Art appreciation program helps veterans deal with anxiety, depression
By HOLLY ZACHARIAH | The Columbus Dispatch, Ohio | Published: August 7, 2017
COLUMBUS, Ohio (Tribune News Service) — He calls it "sitting with the discomfort,'' learning to deal with the anxiety he feels when talking to people he doesn't know or being in unfamiliar situations.
Even now, as B.J. Stull speaks about it, he glances at the friendly face of the woman sitting beside him, hoping for maybe a smile or a nod of affirmation as he explains how important a new veteran-centered arts program at the Chalmers P. Wylie VA Ambulatory Care Center has been in his life.
Through the new Veteran Arts Initiative, Stull participated in a weekly class at the Wexner Center for the Arts in the spring where a group of about a dozen studied the exhibits, discussed specific pieces and visited with multiple artists-in-residence.
"It was uncomfortable for me sometimes, the idea that maybe I just wasn't 'getting' a certain piece. Then, I realized others maybe weren't getting it either," said Stull, a 47-year-old Navy veteran from the East Side who works hard to overcome his anxiety and depression. "There was a lot of introspection and that was helpful, to do something constructive with people and not be in a clinical setting."
Heather Seymour, the licensed social worker who started this arts program at Chalmers on the East Side last fall, called those realizations "magic moments." This, she stresses, is not art therapy. The programs are not meant to address specific traumas but instead to use the arts — visual arts, music, theater and dance — to bring together veterans and their families for something meaningful, in an environment where they feel cared for and appreciated.
"This is about building community," she said. National statistics show that, on average, 20 or so veterans kill themselves each day, and more than half of them weren't not connected to the VA system in any way. Also, at least half of the veterans from the wars in Iraq and Afghanistan are not using any mental-health services.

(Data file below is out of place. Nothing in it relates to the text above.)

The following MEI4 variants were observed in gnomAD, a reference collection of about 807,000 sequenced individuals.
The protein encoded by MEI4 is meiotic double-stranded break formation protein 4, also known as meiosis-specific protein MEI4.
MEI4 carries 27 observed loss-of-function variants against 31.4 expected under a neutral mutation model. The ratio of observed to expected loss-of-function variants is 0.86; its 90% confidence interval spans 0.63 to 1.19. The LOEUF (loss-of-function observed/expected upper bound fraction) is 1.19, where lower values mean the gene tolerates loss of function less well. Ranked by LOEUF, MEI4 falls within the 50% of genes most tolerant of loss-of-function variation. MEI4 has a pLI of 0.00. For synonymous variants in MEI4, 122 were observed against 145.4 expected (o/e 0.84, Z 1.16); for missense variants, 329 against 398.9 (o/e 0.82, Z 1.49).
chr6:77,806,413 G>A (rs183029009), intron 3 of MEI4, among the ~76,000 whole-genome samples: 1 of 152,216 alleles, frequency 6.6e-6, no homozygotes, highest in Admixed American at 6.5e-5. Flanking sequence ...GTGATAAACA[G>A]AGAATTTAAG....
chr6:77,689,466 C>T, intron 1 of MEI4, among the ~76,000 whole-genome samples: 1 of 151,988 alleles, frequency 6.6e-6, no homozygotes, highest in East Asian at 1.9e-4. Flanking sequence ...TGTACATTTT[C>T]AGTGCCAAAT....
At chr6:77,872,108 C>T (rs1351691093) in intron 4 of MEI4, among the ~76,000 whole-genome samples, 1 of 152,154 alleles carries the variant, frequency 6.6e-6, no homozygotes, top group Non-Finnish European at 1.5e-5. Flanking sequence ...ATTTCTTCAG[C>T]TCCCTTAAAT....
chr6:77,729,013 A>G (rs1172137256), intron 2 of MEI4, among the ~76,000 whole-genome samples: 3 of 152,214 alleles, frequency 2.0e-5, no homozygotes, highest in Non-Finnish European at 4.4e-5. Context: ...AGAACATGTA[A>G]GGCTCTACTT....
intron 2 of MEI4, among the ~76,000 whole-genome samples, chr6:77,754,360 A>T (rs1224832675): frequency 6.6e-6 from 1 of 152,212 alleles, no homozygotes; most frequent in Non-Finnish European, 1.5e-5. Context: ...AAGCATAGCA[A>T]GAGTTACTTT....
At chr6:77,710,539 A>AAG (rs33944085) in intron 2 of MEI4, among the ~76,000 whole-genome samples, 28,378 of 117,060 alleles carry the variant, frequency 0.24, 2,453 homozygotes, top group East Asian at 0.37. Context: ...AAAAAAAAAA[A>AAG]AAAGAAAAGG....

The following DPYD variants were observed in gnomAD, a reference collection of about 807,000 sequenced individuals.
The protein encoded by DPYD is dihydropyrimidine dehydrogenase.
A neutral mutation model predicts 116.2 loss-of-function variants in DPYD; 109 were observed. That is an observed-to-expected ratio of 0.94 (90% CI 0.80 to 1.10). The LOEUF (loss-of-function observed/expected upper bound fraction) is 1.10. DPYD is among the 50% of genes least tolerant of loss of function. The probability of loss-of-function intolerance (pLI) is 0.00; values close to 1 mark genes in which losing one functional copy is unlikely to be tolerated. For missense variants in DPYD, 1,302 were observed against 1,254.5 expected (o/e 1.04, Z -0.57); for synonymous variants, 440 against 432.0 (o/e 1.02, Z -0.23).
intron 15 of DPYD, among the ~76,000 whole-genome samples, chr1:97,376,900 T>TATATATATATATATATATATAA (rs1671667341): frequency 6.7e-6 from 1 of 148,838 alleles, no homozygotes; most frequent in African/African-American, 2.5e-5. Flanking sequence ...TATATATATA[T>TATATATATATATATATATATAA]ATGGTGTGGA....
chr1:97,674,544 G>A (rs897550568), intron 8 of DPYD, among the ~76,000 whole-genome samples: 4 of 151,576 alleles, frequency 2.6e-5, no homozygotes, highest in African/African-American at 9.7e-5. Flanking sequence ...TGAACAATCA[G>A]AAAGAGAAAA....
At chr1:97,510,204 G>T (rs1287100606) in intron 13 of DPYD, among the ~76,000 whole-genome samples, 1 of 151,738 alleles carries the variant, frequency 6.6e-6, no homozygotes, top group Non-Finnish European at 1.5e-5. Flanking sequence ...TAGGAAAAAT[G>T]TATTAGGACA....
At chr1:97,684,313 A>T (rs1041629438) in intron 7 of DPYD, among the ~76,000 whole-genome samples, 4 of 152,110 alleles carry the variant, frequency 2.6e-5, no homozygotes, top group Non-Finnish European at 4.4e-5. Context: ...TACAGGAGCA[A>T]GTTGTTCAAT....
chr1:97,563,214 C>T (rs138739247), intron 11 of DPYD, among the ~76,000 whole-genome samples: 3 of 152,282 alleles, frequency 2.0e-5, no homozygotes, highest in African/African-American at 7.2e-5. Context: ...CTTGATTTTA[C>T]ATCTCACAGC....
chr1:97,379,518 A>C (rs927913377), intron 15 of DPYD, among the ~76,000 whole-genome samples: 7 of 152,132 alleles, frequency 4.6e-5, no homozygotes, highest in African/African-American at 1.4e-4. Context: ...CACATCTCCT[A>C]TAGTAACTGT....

"We need to cast a wider net," Seymour said. "How do we know who is silently struggling? If they have great experiences with programs, maybe someday that will lead them to a service. We create a bridge between the worlds."
Since last fall, other aspects of the program have included a Shakespeare workshop with an Ohio State University professor for both veterans and caregivers, a mural project in the lobby of the Chalmers clinic, regular open-mike nights, and a women-specific art class. In addition, Seymour's office will soon become an "arts kitchen," a service that runs like a food pantry except veterans can get art supplies instead of bread and milk.
Stull is a member of a volunteer board of about 20 veterans who help guide the programming and make suggestions on what will work best.
Tuesday, Seymour and some of those volunteers will be in Washington, D.C., to pitch the program to Veterans Affairs Secretary David J. Shulkin and a panel of others interested in hearing about innovative VA programs. The goal is to someday secure more funding (there is currently a $5,000 budget and a $20,000 grant) and to get other regional VAs to adopt this arts model, Seymour said.
One of the things she will tell Shulkin about is research that will start this month to try to quantify how art reduces stress. Sixty veterans will participate in five-week art and drawing workshops with a professor at the Columbus College of Art & Design. While in the program, veterans will swab the inside of their cheek each morning to check cortisol (stress hormone) levels. They also will track and self-report their pain rating and anxiety and depression levels.
"People benefit from a moving hand. If the hand is moving, we process things a different way," Seymour said. "Drawing and art is a side-door approach to what it means to be a human. What it means to be sad, what it means to feel joy. We think we will see real benefits."
Gloria Weimerskirch, a Vietnam-era Marine from Canal Winchester, has participated in many of the arts-initiative projects so far and had already seen it make a difference.
"That's the thing about the arts — there's something for everyone," she said. "And when you bring the veteran, the family, the community in together, it helps everyone begin to collectively understand, 'We are not alone.' It's just another way to connect and learn about yourself and others.'"
©2017 The Columbus Dispatch (Columbus, Ohio)
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